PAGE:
I'm an ecologist and conservation scientist with expertise in large carnivores and human-carnivore conflict. As a Postdoctoral Researcher with Panthera, University of Cape Town and Cornell University, I work on leopard and lion conservation and spatial ecology in southern Africa. I also publish magazine and blog articles as a freelance science writer and editor.
I am fascinated by the relationships between wildlife and people that sustain coexistence in both rural and urban landscapes. My research focuses on developing science-based tools to assist local stakeholders and managers in minimizing human-wildlife conflict. I conduct my work using an interdisciplinary toolset that combines field-based ecological sampling and social surveys through a spatial perspective.
In 2015, I completed my PhD from the Yale School of Forestry & Environmental Studies on the spatial patterns and human perspectives of tiger and leopard attacks on livestock in central India. Read my CV for more on my background.
- Aug '15: Article published in Biodiversity and Conservation on the methods and applications of risk models and hotspot maps for reducing carnivore conflict.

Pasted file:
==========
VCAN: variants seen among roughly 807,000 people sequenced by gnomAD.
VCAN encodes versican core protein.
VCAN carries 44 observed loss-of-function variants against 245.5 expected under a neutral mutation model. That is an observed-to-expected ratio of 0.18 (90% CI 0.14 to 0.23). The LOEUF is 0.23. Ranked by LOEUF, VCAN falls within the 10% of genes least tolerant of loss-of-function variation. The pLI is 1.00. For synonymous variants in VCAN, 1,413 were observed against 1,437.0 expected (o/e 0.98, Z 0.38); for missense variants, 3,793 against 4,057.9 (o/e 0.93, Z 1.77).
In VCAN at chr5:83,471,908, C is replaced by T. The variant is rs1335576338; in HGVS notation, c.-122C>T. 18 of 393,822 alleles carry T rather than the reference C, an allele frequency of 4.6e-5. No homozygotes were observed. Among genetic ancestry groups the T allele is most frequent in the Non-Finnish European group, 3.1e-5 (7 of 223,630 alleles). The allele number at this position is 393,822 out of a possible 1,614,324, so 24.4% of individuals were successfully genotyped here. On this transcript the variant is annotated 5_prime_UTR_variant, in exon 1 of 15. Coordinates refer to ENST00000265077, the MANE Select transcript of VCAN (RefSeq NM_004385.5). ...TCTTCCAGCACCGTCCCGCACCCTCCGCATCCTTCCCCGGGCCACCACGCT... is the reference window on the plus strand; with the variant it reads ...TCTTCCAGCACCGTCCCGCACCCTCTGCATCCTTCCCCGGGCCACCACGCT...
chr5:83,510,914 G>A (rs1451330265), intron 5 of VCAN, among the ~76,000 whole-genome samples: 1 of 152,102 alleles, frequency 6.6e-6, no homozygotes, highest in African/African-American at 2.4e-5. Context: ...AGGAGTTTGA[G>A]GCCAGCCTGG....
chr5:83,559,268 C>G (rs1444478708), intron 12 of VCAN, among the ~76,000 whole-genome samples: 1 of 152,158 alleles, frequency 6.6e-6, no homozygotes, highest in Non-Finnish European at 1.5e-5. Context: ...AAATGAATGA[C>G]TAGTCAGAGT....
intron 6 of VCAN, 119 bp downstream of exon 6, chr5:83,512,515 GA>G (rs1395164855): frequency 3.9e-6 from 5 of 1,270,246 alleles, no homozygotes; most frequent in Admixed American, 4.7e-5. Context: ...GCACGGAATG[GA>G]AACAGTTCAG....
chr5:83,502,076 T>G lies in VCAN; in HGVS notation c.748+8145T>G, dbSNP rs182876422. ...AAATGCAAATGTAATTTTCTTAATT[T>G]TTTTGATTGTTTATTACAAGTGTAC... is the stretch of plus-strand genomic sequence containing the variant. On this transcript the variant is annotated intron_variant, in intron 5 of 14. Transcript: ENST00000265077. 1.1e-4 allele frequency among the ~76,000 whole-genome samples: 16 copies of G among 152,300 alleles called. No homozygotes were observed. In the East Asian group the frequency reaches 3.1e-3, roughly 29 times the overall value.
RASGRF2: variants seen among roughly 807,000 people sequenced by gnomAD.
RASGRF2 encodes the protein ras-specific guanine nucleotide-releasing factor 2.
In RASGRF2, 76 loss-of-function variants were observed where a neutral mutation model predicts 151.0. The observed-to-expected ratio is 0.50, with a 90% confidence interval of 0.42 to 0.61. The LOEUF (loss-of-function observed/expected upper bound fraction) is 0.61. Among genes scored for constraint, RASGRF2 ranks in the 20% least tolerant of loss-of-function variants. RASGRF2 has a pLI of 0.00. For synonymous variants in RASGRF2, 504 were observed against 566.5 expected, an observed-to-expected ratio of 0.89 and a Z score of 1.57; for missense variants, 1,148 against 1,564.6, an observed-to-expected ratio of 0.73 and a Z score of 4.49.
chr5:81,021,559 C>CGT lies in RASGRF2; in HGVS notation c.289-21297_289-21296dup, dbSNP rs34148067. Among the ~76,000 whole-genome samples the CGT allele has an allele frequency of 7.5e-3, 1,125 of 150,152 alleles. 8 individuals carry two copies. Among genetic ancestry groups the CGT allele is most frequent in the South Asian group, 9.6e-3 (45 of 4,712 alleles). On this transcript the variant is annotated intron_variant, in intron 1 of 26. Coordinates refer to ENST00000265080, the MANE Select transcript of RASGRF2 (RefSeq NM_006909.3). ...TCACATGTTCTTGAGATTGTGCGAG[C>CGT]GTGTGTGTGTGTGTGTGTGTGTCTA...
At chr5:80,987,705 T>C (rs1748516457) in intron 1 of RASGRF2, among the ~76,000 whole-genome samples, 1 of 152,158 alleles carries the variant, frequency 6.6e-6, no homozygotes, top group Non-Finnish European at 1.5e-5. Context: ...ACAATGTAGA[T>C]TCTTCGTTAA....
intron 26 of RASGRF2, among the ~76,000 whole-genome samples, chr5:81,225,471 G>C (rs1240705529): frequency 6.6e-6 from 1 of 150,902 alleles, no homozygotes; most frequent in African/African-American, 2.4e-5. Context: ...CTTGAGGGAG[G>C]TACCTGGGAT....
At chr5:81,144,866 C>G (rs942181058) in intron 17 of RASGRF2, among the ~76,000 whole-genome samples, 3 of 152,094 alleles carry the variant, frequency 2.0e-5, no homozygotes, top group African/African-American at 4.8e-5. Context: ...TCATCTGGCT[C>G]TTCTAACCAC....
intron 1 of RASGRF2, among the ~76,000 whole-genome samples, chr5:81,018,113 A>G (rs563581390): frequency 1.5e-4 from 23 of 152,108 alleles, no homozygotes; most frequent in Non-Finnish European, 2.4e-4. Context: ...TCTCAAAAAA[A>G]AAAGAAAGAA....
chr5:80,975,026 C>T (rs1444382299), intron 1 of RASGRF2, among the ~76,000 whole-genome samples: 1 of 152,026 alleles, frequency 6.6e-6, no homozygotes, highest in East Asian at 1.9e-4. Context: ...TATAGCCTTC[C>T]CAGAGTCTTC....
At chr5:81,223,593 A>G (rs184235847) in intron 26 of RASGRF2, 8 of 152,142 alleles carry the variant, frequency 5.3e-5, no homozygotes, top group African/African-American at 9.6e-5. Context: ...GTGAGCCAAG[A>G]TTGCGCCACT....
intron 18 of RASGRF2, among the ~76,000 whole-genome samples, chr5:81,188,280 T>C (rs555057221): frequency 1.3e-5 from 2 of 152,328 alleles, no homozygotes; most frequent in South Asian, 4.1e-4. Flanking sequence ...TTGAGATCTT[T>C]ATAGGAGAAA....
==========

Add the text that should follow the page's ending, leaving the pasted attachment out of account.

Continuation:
- July '15: Attended Tiger Week on anti-poaching science at the Netherlands Inst for the Study of Crime and Law Enforcement in Amsterdam. Moved to Cape Town to join Panthera's Leopard Team.
- May '15: Began working as a Postdoctoral Researcher with Panthera and Cornell!
- Mar '15: Article on modeling tiger predation risk for livestock published in Ecology and Evolution. Featured on Conservation India, Conservation Corridor and the Yale F&ES Blog and Yale Daily News.
Recent scientific publications
- Miller, J.R.B. 2015. Mapping attack hotspots to mitigate human–carnivore conflict: approaches and applications of spatial predation risk modeling. Biodiversity and Conservation (early view).
- Miller, J.R.B., Y.V. Jhala, J. Jyoti, and O.J. Schmitz. 2015. Landscape-scale accessibility of livestock to tigers: implications of spatial grain for modeling predation risk to mitigate human-carnivore conflict. Ecology and Evolution 5(6): 1354-1367.